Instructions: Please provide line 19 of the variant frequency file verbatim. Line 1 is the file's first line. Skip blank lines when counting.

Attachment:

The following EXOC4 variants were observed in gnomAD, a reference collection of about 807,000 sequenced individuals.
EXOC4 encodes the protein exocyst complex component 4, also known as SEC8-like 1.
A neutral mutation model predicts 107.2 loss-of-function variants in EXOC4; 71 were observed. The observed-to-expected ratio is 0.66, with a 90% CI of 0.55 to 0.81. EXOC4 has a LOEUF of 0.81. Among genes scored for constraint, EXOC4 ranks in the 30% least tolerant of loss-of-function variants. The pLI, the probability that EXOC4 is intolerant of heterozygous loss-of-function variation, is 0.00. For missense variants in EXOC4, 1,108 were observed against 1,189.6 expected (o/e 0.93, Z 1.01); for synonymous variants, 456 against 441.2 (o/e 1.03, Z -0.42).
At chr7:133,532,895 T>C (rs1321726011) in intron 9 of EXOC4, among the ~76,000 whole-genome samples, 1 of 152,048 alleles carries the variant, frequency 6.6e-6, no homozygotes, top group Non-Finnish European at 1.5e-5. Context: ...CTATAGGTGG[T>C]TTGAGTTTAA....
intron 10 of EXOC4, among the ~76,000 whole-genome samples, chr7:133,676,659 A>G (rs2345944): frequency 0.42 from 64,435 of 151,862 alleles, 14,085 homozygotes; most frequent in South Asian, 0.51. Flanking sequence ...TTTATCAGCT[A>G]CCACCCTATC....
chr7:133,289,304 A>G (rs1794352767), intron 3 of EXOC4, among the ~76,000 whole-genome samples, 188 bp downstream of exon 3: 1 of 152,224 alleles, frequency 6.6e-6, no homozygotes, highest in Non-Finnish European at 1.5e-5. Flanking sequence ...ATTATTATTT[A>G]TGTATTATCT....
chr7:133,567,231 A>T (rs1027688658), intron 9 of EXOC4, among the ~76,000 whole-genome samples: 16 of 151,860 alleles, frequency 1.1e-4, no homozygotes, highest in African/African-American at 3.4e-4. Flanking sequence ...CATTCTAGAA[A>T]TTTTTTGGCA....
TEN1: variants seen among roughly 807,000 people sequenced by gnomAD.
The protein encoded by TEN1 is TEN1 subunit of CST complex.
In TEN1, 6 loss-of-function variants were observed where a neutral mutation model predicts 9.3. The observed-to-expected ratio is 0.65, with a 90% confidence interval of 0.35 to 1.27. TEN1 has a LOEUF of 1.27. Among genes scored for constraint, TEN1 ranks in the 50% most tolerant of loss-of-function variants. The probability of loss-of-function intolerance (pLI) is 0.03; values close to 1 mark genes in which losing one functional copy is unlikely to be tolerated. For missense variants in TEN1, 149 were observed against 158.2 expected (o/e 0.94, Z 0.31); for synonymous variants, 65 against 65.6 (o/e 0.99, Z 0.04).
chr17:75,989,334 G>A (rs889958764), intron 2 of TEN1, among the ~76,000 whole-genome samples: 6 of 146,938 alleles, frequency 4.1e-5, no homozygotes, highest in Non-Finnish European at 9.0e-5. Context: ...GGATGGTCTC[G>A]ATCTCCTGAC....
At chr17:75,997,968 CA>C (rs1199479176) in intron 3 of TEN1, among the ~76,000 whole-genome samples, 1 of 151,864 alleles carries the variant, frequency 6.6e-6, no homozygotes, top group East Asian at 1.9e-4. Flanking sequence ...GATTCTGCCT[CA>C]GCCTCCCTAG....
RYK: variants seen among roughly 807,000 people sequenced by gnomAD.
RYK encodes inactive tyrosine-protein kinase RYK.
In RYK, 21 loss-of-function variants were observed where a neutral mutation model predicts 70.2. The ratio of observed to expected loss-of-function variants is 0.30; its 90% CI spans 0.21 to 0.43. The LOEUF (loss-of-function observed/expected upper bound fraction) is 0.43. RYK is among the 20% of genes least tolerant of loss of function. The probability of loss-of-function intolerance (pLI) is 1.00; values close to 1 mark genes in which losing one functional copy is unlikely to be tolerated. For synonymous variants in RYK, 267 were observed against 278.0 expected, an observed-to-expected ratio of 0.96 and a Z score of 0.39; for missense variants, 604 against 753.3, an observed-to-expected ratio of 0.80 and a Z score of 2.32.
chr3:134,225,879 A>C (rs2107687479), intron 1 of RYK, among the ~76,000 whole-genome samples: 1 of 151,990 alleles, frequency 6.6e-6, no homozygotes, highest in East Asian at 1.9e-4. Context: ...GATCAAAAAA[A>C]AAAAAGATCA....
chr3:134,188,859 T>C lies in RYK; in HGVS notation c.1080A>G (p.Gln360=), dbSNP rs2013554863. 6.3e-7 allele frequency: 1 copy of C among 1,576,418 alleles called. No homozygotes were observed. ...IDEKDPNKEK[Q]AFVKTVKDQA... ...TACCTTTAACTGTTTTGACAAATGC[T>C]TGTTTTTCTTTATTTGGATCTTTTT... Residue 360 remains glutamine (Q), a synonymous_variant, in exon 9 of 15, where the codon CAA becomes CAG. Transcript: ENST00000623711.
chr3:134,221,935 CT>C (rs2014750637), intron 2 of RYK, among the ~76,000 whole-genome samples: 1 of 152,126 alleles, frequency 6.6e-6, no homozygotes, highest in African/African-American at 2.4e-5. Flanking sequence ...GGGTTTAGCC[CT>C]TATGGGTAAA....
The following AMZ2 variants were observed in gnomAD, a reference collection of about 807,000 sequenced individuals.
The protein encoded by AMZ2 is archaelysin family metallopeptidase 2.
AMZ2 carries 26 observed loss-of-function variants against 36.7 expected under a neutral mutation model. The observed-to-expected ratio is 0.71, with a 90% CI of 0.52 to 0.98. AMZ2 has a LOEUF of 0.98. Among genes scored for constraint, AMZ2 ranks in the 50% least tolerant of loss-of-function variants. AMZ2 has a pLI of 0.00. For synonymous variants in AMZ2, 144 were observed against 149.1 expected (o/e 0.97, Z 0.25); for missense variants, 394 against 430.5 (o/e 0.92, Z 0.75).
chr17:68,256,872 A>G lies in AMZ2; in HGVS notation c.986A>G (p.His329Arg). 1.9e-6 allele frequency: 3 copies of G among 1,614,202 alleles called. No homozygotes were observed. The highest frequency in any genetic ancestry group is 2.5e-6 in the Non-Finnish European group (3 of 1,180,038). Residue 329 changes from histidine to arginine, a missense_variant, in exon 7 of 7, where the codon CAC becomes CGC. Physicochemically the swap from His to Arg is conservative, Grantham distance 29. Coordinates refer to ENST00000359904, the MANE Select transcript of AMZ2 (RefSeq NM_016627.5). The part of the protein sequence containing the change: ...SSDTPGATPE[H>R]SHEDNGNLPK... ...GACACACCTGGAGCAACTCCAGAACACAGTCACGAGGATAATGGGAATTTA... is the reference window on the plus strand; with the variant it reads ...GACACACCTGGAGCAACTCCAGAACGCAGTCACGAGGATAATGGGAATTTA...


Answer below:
The following AMZ2 variants were observed in gnomAD, a reference collection of about 807,000 sequenced individuals.